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Climate policy - Nov 5

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Climate wars threaten billions

Robin McKie, The Observer
More than 100 countries face political chaos and mass migration in global warming catastrophe
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A total of 46 nations and 2.7 billion people are now at high risk of being overwhelmed by armed conflict and war because of climate change. A further 56 countries face political destabilisation, affecting another 1.2 billion individuals.

This stark warning will be outlined by the peace group International Alert in a report, A Climate of Conflict, this week. Much of Africa, Asia and South America will suffer outbreaks of war and social disruption as climate change erodes land, raises seas, melts glaciers and increases storms, it concludes. Even Europe is at risk.

'Climate change will compound the propensity for violent conflict, which in turn will leave communities poorer and less able to cope with the consequences of climate change,' the report states.

The worst threats involve nations lacking resources and stability to deal with global warming, added the agency's secretary-general, Dan Smith. 'Holland will be affected by rising sea levels, but no one expects war or strife,' he told The Observer. 'It has the resources and political structure to act effectively. But other countries that suffer loss of land and water and be buffeted by increasingly fierce storms will have no effective government to ensure corrective measures are taken. People will form defensive groups and battles will break out.'
(4 November 2007)


Think tank: Climate affects security

Arthur Max, Associated Press
Climate change could be one of the greatest national security challenges ever faced by U.S. policy makers, according to a new joint study by two U.S. think tanks.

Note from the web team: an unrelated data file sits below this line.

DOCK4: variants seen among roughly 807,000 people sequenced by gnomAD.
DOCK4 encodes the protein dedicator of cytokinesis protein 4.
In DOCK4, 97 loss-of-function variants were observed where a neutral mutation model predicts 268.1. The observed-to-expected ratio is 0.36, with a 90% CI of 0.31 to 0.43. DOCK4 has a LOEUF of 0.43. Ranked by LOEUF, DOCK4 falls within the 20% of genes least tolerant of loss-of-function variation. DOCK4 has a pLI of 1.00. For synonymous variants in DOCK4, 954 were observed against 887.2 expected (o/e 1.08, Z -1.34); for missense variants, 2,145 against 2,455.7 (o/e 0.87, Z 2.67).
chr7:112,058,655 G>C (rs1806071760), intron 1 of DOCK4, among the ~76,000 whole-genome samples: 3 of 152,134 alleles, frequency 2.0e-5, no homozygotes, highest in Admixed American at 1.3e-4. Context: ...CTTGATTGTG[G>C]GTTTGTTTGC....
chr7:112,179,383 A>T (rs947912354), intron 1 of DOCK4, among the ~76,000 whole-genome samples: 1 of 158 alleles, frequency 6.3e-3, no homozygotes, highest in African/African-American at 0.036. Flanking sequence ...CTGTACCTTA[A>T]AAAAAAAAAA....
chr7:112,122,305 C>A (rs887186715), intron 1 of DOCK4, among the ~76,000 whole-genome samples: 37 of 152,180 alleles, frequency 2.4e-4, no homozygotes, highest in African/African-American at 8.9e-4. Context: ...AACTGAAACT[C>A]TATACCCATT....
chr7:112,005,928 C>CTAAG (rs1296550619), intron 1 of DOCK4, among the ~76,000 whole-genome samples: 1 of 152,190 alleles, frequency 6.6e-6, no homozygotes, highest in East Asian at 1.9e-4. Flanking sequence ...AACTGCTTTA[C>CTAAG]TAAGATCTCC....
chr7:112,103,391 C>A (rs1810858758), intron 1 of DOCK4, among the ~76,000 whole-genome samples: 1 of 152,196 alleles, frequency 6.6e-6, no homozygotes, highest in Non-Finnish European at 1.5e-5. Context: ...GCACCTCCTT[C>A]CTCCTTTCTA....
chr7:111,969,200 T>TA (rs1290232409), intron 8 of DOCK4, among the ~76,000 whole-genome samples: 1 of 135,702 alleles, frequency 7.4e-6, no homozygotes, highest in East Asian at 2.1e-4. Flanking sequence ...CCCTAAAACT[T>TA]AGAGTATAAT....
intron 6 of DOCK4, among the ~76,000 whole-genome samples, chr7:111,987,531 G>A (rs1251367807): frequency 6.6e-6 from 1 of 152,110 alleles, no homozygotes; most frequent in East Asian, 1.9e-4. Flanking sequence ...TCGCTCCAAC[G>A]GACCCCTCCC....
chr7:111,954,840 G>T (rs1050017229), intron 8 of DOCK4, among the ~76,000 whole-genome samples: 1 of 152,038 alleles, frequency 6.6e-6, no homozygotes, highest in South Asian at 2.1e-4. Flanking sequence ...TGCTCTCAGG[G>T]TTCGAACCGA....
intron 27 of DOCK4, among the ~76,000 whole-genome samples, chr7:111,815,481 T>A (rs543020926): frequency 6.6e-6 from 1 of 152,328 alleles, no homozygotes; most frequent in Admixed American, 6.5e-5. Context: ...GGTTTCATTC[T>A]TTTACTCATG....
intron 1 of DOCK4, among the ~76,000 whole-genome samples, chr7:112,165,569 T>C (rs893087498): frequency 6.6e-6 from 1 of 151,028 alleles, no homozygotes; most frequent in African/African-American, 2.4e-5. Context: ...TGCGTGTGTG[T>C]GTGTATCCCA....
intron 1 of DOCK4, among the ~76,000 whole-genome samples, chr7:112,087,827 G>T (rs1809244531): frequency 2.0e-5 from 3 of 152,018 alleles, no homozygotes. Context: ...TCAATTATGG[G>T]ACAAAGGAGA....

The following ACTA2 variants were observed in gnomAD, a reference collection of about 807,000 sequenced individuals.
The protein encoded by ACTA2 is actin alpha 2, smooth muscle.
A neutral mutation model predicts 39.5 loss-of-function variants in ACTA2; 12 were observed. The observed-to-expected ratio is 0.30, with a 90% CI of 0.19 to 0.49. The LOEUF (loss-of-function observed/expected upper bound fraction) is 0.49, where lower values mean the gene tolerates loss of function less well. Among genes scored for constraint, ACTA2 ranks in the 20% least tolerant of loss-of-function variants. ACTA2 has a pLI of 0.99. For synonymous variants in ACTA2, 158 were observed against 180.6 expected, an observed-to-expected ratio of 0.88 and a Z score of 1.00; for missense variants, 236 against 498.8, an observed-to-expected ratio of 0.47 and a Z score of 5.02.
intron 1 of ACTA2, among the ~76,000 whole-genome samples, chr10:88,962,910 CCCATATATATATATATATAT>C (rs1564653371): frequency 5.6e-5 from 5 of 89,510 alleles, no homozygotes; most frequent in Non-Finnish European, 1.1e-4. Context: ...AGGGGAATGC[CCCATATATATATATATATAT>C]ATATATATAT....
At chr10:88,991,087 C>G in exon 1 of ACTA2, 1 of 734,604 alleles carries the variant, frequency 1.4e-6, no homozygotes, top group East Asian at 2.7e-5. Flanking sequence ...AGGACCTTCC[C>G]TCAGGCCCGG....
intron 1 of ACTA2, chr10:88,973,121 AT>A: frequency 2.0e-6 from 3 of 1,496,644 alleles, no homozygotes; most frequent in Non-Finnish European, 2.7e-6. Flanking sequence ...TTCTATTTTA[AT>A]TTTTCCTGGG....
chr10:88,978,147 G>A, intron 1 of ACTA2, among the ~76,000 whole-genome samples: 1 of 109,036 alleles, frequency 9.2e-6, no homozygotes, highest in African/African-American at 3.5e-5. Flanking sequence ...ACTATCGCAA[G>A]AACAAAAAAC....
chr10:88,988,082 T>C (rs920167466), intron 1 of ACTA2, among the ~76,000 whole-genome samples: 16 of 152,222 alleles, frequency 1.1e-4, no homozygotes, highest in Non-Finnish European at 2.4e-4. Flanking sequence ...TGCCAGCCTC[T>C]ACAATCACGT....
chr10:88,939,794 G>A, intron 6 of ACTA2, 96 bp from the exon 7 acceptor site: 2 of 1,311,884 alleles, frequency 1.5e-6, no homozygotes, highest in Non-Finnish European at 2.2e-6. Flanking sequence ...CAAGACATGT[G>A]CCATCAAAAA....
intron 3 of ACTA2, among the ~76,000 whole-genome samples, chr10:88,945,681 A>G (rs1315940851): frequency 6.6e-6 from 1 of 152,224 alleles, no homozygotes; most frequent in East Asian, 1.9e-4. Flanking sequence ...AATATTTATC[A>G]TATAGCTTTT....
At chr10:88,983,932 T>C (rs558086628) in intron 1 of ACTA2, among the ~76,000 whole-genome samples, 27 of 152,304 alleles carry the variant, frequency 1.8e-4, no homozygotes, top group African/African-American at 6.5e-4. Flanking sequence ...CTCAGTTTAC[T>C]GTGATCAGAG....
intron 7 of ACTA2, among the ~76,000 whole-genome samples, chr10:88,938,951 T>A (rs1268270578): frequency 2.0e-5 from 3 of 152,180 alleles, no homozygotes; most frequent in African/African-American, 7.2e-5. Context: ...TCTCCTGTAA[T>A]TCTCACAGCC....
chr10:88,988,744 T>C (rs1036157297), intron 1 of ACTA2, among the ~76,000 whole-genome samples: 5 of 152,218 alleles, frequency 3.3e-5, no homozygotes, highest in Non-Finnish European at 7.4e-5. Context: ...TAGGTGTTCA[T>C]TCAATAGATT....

The report, to be released Monday, raises the threat of dramatic population migrations, wars over water and resources, and a realignment of power among nations.

During the last two decades, climate scientists have underestimated how quickly the Earth is changing - perhaps to avoid being branded as "alarmists," the study said. But policy planners should count on climate-induced instability in critical parts of the world within 30 years.
(3 November 2007)


Climate change: we have the power

Bryan Appleyard, UK Times
There are pale greens and dark greens. Often they don’t see eye to eye. But there is no shortage of technologies to tackle global warming. We listen to the visionaries of change
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Svante Arrhenius, a Swedish chemist, suggested in 1936 that carbon dioxide from burning coal could create an atmospheric greenhouse effect and warm the planet. In 1979 the American National Academy of Sciences warned that a wait-and-see policy on global warming “may mean waiting until it is too late”. In 1988 delegates from 46 countries to a Changing Atmosphere conference in Toronto called for a 20% reduction in carbon dioxide emissions by 2005. In February 2005, the Kyoto Protocol established an international binding agreement to cut carbon-dioxide emissions. In October 2007, I can now reveal the net outcome of all this science. Nothing. Zero. Zilch. Nada. CO2 emissions, now approaching 30 billion tonnes a year, have continued to rise inexorably.